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Fishing for a cure for diabetes

It's been the elusive cure, one that scientists have felt they've been on the brink of breaking for the past 80 years. But for years, diabetes has remained a treatable but not yet cured disease. In fact, diabetes is the leading cause of death by disease in Canada. Banting and Best are Canada's best known connection to diabetes but the Canadian connection continues. Since the historic discovery of insulin, there have been improvements and refinements. The promise of a cure for all, however, remains as yet unfulfilled, leaving many to live highly regimented and uncertain lives.

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Diabetes research moves into the strange and wonderful world of cloning. In a research laboratory in Nova Scotia, Dr. Bill Pohajdak is surrounded by tanks of fish. Working with Dr. Jim Wright, he plans to implant fish eggs with a genetically altered gene that will produce human insulin and in turn transplant that part of the fish into humans. The anticipated result: a cure for diabetes. This CBC Television report features this promising new treatment in its developmental stages.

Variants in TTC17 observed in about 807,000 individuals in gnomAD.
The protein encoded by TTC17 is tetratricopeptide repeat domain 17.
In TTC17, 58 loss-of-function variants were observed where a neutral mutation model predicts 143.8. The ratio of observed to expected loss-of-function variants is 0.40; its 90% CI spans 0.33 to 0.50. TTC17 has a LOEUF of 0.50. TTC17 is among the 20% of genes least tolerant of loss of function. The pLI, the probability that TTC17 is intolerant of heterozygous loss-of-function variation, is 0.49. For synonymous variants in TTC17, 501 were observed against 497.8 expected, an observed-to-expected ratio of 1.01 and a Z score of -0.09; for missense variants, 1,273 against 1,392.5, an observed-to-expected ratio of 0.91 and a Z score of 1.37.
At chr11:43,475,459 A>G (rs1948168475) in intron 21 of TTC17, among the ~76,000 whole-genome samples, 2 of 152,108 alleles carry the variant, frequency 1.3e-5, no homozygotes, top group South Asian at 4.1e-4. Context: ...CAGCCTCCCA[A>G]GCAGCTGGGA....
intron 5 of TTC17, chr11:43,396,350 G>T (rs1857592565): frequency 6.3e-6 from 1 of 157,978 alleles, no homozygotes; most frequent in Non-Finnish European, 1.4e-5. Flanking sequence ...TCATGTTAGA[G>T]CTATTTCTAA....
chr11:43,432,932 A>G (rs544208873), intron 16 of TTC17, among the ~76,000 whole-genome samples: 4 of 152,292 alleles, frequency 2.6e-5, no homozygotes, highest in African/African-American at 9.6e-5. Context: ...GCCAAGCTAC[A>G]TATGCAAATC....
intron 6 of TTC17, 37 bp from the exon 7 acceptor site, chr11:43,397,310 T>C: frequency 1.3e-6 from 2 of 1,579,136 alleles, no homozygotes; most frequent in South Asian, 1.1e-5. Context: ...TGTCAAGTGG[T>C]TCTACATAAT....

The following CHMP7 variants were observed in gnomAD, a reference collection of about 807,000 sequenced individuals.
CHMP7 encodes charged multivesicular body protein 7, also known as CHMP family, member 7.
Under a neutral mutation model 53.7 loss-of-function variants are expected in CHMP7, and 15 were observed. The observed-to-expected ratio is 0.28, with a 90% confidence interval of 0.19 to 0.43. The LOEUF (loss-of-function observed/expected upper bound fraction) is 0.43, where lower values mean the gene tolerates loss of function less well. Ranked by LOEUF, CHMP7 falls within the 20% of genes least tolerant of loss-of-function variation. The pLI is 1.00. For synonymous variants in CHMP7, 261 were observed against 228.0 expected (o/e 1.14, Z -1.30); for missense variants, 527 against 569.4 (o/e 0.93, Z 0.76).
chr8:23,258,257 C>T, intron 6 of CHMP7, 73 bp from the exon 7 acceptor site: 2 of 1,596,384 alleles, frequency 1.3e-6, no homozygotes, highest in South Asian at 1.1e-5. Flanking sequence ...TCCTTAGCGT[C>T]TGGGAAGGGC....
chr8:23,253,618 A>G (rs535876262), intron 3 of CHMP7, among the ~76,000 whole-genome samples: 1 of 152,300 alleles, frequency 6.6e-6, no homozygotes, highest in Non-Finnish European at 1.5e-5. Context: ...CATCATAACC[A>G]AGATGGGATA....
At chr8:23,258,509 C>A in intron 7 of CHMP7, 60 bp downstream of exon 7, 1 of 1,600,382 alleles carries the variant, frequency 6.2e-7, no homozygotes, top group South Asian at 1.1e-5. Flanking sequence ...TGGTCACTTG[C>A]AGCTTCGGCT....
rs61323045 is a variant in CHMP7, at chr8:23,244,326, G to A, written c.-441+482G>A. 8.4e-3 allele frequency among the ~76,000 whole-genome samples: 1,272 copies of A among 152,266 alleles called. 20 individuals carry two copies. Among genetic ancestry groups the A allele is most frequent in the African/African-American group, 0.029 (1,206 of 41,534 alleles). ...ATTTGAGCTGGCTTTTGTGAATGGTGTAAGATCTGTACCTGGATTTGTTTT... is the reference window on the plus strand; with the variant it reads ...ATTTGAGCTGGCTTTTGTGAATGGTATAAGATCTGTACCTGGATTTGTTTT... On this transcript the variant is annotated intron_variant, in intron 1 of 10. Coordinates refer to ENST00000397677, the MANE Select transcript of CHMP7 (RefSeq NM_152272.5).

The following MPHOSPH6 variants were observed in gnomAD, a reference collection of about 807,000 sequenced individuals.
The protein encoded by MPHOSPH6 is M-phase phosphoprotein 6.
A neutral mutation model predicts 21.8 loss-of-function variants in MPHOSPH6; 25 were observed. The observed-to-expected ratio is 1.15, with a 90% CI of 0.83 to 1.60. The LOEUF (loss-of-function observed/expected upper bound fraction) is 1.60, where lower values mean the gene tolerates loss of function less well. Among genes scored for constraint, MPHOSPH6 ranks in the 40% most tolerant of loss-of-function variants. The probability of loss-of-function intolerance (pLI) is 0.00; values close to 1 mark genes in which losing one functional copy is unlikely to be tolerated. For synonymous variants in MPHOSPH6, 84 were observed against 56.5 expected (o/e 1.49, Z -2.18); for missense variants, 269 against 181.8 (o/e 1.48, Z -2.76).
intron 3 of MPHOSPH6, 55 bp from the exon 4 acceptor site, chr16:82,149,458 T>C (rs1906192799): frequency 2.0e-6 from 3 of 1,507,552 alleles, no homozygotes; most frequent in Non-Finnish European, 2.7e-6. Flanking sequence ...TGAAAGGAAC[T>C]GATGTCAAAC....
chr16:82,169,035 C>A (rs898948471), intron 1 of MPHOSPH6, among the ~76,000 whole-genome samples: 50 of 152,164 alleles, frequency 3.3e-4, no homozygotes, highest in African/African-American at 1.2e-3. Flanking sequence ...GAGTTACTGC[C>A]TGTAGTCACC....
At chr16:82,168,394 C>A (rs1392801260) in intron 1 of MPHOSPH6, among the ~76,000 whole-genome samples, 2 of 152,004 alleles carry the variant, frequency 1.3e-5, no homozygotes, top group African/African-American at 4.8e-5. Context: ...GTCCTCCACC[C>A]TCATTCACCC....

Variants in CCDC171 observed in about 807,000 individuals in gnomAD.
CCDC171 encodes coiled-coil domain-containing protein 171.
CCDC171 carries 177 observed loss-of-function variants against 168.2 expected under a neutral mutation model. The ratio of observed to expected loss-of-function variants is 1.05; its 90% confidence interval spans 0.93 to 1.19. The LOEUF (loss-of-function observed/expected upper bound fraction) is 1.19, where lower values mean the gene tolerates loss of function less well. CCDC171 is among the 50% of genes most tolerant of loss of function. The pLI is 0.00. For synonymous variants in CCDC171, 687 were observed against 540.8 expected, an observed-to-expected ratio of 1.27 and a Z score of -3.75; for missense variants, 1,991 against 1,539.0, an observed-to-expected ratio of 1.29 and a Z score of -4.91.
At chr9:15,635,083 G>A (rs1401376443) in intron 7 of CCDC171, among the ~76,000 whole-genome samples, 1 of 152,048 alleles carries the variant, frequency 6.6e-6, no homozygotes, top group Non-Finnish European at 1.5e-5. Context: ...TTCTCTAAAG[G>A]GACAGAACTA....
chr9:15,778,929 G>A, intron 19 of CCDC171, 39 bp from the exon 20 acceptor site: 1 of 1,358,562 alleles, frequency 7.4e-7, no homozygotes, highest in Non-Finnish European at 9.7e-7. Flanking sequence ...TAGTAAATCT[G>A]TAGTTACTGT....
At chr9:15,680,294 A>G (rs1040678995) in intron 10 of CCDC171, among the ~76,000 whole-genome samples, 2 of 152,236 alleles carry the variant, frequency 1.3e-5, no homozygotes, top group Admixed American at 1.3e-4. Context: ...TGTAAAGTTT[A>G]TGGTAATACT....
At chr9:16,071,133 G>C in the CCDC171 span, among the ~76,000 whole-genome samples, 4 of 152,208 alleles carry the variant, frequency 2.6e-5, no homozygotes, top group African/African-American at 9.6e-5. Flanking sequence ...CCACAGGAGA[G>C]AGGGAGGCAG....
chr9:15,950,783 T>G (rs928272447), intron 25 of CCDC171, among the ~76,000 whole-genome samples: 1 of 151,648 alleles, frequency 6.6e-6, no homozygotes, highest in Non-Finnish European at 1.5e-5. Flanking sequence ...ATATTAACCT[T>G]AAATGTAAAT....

• Human islet cells yielded from pancreatic organ donations are limited in North America. On average, a successful islet cell transplant requires the yield of two or three pancreases. The advantage to Dr. Pohajdak and Dr. Wright's experiment is the wide availability of tropical fish that could be harvested for transplants. As of 2003, the procedure was still in trials.
Medium: Television
Program: 1st Edition
Broadcast Date: April 3, 1996
Guest(s): Diane Marsh, Bill Pohajdak, Jim Wright
Reporter: Linda Kelly
Duration: 6:11

Last updated: February 14, 2012

Page consulted on November 10, 2014

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